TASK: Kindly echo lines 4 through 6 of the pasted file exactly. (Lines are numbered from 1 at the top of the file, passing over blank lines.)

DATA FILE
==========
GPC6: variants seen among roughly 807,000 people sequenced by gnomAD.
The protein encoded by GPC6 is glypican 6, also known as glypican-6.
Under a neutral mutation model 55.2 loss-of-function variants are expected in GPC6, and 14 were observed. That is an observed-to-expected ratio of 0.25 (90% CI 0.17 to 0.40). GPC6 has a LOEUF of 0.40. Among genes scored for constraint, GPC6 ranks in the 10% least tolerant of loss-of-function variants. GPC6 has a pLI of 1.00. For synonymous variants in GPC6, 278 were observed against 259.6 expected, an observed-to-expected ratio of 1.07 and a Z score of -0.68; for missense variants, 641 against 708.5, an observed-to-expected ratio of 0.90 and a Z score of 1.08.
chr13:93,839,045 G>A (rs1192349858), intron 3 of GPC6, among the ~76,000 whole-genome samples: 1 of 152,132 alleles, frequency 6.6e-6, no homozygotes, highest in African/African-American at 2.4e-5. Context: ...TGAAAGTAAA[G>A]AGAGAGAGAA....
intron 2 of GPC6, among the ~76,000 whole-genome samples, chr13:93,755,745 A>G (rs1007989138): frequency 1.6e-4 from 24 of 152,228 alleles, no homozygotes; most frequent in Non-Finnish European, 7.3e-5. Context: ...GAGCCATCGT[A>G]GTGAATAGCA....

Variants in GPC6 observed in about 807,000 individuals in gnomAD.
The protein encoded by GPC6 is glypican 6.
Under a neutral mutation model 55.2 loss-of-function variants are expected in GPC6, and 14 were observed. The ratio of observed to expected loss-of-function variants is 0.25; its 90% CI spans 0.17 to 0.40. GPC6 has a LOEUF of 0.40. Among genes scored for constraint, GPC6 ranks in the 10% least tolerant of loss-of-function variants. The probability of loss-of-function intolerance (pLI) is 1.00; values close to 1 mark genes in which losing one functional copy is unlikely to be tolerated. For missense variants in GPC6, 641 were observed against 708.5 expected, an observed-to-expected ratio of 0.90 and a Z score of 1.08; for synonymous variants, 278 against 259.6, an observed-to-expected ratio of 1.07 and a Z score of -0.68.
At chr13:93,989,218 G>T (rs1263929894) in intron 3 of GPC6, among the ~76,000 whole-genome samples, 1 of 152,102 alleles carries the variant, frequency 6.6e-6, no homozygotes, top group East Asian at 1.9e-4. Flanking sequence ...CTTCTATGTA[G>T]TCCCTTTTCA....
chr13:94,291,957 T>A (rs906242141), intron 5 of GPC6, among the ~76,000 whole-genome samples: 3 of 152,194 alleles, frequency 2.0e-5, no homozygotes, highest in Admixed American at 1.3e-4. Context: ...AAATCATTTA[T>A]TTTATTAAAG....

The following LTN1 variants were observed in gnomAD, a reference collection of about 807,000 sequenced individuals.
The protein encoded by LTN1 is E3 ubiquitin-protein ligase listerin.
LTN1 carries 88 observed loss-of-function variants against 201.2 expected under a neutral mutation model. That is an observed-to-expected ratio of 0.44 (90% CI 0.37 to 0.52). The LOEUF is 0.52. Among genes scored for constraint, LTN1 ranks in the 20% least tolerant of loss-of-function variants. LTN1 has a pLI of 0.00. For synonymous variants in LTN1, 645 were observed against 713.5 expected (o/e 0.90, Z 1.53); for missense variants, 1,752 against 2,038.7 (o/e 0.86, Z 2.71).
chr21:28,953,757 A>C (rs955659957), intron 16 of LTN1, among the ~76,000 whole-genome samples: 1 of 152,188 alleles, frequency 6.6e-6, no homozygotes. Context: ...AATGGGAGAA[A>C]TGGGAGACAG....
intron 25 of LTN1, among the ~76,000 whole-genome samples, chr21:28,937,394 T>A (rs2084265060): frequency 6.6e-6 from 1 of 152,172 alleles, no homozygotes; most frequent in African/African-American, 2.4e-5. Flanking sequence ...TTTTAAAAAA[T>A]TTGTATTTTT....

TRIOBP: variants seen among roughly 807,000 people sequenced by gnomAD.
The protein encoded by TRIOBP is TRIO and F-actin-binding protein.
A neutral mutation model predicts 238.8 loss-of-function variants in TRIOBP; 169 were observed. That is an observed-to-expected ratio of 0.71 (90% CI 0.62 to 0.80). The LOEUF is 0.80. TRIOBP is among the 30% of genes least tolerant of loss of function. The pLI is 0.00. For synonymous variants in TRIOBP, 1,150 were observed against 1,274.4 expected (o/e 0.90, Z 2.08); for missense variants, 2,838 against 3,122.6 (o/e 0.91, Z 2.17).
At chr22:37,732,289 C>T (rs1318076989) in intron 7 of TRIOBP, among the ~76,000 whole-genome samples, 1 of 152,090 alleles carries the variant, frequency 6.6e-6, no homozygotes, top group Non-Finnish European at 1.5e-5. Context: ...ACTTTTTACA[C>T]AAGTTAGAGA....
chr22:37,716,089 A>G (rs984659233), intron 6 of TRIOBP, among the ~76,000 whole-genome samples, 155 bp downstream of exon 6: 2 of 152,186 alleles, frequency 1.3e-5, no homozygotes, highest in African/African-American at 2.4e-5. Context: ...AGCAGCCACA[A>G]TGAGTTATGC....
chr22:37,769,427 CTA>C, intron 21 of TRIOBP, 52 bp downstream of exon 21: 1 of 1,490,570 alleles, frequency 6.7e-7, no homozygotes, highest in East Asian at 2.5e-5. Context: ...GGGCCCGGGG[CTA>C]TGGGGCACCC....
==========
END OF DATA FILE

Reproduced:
chr13:93,839,045 G>A (rs1192349858), intron 3 of GPC6, among the ~76,000 whole-genome samples: 1 of 152,132 alleles, frequency 6.6e-6, no homozygotes, highest in African/African-American at 2.4e-5. Context: ...TGAAAGTAAA[G>A]AGAGAGAGAA....
intron 2 of GPC6, among the ~76,000 whole-genome samples, chr13:93,755,745 A>G (rs1007989138): frequency 1.6e-4 from 24 of 152,228 alleles, no homozygotes; most frequent in Non-Finnish European, 7.3e-5. Context: ...GAGCCATCGT[A>G]GTGAATAGCA....

Variants in GPC6 observed in about 807,000 individuals in gnomAD.